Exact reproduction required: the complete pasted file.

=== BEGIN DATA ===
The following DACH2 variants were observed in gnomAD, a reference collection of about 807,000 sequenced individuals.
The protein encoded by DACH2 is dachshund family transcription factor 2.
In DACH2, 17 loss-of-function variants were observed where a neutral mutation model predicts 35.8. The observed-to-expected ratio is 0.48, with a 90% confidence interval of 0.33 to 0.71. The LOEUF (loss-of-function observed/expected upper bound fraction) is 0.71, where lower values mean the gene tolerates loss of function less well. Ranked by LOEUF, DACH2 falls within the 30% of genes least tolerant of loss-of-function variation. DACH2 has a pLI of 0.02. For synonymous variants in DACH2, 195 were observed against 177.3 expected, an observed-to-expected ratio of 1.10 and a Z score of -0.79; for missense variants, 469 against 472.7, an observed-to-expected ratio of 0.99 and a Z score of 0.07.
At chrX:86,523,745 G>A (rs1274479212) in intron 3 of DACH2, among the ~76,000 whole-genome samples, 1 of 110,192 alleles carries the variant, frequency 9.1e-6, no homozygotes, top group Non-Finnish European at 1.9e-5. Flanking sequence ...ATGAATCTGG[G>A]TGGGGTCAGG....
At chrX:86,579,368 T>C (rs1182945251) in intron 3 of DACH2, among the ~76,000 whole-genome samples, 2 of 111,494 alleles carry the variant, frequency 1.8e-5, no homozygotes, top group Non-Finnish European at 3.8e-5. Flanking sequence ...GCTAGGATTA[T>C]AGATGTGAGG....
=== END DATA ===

The following DACH2 variants were observed in gnomAD, a reference collection of about 807,000 sequenced individuals.
The protein encoded by DACH2 is dachshund family transcription factor 2.
In DACH2, 17 loss-of-function variants were observed where a neutral mutation model predicts 35.8. The observed-to-expected ratio is 0.48, with a 90% confidence interval of 0.33 to 0.71. The LOEUF (loss-of-function observed/expected upper bound fraction) is 0.71, where lower values mean the gene tolerates loss of function less well. Ranked by LOEUF, DACH2 falls within the 30% of genes least tolerant of loss-of-function variation. DACH2 has a pLI of 0.02. For synonymous variants in DACH2, 195 were observed against 177.3 expected, an observed-to-expected ratio of 1.10 and a Z score of -0.79; for missense variants, 469 against 472.7, an observed-to-expected ratio of 0.99 and a Z score of 0.07.
At chrX:86,523,745 G>A (rs1274479212) in intron 3 of DACH2, among the ~76,000 whole-genome samples, 1 of 110,192 alleles carries the variant, frequency 9.1e-6, no homozygotes, top group Non-Finnish European at 1.9e-5. Flanking sequence ...ATGAATCTGG[G>A]TGGGGTCAGG....
At chrX:86,579,368 T>C (rs1182945251) in intron 3 of DACH2, among the ~76,000 whole-genome samples, 2 of 111,494 alleles carry the variant, frequency 1.8e-5, no homozygotes, top group Non-Finnish European at 3.8e-5. Flanking sequence ...GCTAGGATTA[T>C]AGATGTGAGG....